Celtics

NBA Notebook: 10 telling stats about the Celtics play in the bubble

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The Celtics are more than halfway through their seeding games in the Orlando bubble, with plenty of good and bad trends mixed in during the team's 3-2 performance thus far. Let's take a look at some telling numbers for key players of the rotation and how they could impact the Celtics heading into the postseason next week.    

+10.3 net rating for Rob Williams: Outside of the final minute of Tuesday’s loss against the Heat, the second-year center did not see the floor in Boston’s first three seeding games in Orlando. Brad Stevens saw enough defensive struggles over the C’s 1-2 start that he gave Williams a chance against the Nets with the second unit and the big man has done nothing but make the case for more opportunity. His +10.3 net rating over 31 minutes is the highest mark on the C’s roster as he was on the floor for a pair of game-changing runs against the Nets and Raptors. He’s knocked down 11 of his 12 shots in Orlando, providing a surprise offensive boost around the rim while contributing to Boston shoring up their defense with the reserves in the middle. After opening up the seeding games as the No. 4 center on the roster, a strong case now that he could be the first big off the bench until further notice.

“He’s way more comfortable with what’s expected of him at both ends of the court – getting better in a bunch of the little things,” Stevens said Saturday. “He’s always been a great vertical threat, he’s playing very hard, doing a very good job in our coverages. It’s a matter of experience, and hard work. He’s done a lot of hard work. His attitude has also been very good. He didn’t play in any of the first three games, or not much, and that’s a huge part of it. He’s ready for when his number is called.”

Williams has also helped Boston’s offense rise up to No. 2 overall in Orlando through Saturday with his size and vision.

“He’s just so bouncy and quick off the floor as well as being as tall and long as he is, so he definitely provides a rim threat for us,” Gordon Hayward added. “He’s also another big that can pass, and we can use that - whether it’s back doors on the wing or just reading different things, he’s got a really good feel for the game.”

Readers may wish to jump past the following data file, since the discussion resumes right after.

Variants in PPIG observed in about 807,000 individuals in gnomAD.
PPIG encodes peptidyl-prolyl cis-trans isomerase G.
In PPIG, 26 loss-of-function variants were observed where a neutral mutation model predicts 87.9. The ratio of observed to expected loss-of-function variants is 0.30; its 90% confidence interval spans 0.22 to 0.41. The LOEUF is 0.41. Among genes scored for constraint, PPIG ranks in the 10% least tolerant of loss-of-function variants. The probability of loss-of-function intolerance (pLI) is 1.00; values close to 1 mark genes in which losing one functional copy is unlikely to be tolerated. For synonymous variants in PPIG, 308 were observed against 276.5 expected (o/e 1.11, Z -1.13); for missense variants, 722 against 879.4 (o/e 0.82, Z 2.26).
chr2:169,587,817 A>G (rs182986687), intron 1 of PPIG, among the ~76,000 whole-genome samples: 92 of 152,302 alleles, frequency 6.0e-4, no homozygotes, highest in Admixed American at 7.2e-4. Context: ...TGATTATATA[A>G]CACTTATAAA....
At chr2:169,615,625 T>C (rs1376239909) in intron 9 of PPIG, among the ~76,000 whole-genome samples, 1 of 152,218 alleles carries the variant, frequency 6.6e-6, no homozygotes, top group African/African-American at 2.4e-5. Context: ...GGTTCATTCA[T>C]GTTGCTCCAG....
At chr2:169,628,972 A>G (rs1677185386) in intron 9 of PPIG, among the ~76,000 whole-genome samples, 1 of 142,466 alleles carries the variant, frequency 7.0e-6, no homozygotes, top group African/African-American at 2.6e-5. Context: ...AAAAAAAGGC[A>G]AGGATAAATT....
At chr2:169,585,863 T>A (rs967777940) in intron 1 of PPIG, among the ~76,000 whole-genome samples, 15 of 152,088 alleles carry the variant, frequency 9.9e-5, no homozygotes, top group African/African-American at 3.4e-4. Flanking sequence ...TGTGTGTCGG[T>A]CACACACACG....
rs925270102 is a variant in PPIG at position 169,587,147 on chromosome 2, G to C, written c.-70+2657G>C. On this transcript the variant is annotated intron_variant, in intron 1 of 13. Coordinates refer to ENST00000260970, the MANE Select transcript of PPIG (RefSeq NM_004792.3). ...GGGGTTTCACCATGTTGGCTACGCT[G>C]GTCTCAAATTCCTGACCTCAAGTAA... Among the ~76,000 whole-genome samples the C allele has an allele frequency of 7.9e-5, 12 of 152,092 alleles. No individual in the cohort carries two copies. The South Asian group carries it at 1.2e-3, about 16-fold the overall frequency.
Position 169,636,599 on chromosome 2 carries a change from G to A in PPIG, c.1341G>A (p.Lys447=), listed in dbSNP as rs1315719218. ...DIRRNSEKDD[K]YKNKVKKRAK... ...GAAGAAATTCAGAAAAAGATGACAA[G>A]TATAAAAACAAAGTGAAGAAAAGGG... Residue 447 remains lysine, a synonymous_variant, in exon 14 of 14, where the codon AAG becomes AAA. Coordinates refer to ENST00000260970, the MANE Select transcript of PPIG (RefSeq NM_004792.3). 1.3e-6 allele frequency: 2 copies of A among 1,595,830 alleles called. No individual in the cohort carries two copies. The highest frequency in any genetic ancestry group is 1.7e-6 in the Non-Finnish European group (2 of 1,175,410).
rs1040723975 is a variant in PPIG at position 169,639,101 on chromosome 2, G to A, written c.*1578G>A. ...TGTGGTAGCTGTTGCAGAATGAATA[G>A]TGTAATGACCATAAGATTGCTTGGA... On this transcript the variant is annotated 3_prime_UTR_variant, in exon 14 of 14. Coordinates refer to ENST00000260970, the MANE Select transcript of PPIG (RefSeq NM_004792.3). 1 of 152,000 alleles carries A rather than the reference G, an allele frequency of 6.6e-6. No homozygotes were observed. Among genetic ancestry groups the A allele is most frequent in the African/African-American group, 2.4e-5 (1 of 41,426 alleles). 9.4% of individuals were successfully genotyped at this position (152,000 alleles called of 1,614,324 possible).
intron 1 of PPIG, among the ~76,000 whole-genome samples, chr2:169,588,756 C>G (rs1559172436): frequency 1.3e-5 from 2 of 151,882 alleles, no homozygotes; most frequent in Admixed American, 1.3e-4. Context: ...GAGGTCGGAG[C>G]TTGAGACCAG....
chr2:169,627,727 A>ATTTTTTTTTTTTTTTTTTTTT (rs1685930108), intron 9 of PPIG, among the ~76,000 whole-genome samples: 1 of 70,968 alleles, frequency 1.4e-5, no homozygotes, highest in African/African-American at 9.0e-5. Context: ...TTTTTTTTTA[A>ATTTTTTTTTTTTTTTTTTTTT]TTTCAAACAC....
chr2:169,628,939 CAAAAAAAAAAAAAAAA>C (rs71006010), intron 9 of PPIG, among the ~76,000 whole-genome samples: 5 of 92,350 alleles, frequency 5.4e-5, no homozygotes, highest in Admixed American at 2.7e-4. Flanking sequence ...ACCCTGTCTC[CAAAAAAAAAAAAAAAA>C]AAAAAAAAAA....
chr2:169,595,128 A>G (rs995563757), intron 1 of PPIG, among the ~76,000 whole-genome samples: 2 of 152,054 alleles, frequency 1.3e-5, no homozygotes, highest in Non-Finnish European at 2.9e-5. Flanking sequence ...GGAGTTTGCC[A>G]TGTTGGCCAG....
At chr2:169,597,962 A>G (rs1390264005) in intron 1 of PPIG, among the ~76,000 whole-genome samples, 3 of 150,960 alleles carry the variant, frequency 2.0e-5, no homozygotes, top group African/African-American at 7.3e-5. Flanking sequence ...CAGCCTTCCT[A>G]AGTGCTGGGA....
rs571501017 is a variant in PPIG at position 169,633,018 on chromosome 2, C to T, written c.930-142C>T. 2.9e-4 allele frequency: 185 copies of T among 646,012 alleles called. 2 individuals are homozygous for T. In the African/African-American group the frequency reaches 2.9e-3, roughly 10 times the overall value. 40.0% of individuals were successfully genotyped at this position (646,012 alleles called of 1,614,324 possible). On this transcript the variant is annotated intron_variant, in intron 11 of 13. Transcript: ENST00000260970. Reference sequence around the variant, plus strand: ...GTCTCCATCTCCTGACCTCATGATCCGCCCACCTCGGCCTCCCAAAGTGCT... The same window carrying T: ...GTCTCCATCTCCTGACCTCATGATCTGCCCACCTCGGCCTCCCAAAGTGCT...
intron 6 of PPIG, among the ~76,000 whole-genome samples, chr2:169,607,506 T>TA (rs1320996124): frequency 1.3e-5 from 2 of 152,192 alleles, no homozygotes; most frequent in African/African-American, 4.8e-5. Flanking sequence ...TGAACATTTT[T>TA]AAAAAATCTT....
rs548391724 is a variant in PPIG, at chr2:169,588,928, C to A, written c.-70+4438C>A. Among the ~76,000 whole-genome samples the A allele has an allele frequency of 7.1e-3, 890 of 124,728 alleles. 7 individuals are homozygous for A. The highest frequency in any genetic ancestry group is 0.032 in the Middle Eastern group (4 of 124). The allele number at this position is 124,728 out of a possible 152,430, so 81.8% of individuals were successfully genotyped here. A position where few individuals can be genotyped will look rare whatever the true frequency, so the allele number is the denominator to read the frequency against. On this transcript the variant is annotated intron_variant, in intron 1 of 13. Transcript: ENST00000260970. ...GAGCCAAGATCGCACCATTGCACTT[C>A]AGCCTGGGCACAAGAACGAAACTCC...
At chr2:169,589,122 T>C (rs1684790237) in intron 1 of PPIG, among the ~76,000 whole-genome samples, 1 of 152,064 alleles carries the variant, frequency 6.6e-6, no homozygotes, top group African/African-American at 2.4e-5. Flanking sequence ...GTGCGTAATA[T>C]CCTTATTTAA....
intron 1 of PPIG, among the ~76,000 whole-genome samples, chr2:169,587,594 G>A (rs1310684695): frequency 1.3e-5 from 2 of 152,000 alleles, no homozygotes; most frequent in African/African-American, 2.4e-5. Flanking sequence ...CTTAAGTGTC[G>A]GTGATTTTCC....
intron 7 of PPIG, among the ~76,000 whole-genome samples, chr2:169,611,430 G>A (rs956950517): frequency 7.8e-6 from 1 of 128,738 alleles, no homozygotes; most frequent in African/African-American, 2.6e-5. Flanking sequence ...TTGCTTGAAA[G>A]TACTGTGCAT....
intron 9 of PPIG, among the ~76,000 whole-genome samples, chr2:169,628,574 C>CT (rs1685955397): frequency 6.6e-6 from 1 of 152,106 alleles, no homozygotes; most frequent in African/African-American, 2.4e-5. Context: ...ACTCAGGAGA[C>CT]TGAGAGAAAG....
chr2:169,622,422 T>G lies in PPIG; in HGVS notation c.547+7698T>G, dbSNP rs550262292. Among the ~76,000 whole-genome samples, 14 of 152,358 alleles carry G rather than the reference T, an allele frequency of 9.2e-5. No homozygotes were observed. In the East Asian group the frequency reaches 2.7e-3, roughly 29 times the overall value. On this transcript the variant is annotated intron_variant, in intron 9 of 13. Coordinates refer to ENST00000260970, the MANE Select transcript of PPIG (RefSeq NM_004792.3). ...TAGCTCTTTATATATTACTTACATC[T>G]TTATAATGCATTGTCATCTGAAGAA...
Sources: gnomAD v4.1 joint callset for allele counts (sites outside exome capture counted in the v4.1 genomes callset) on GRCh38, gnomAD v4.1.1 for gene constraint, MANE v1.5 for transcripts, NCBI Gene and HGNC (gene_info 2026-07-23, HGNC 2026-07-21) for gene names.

With a pair of crafty and tough big men on the schedule this week in Nikola Vucevic and Jonas Valanciunas, Williams will have a pair of good tests to prove his strong outings were not just a flash in the pan.

8 3-point attempts per game for Jaylen Brown: The swingman has come a long way from being a lottery prospect with a huge question mark about their jump shot coming out of Cal. Less than four years later, Brown is firing away like he’s Steph Curry (from a volume standpoint) in the bubble, leading the team with eight attempts from downtown per game over Boston’s 3-2 start. The high volume is a welcome sign since Brown has been taking advantage of countless open looks created by any number of his teammates slashing through the paint and drawing help. Those uncontested shots have helped Brown knock down 45 percent of his 3s despite the increased volume, setting the tone for Boston’s offensive firepower. He’s been a surprise leader in scoring (22.2 ppg) thanks to this efficiency and that’s helped Boston’s offense pick up from where it left off before the hiatus.

5.2 free throws per game for Gordon Hayward: One of the things that had diminished for Hayward since returning from a catastrophic ankle injury over the past two years was his ability to get to the line. That was one of his greatest strengths in Utah yet this year, he was only fourth on the team in attempts per game with 2.7 per game, more than a 50 percent decline from his best seasons in Utah. While Hayward isn’t getting a big share of shot attempts in Florida after hot starts from Tatum and Brown, he is showing some increased aggression in the paint, leading the team with 5.2 free throw attempts per game. This has been a weak part of Boston’s offense for the past two seasons (getting to the line) but the C’s have used Hayward’s additional aggression to help catapult them in a top-10 team at getting to the line. On nights when the 3-point shot isn’t falling in the postseason, Hayward’s ability to draw contact in the paint will be one of the team’s best weapons at keeping them in games.

52.6 percent shooting for Kemba Walker: The All-Star incredibly is shooting it just as well from 3-point range (52 percent) as the field in his first four games in Orlando. His minutes limit has kept his attempts per game on the low end (9.5 per game) compared to other starters but Walker’s shooting touch was the biggest cause of concern for this team before the hiatus. He hadn’t shot above 50 percent from the field in two straight games since mid-January once his knee struggles popped up before the season hiatus. However, Walker snapped out of that slump in Orlando with two straight 50+ percent performances and has shot above his season average from the field (43 percent) in all four games. That type of consistency made him an All-Star earlier this year and will add a dynamic threat for 35+ minutes per game once he gets his minutes limit up.

3.6 assists per game for Jayson Tatum: The modest mark still leads the Celtics in Orlando so far and is more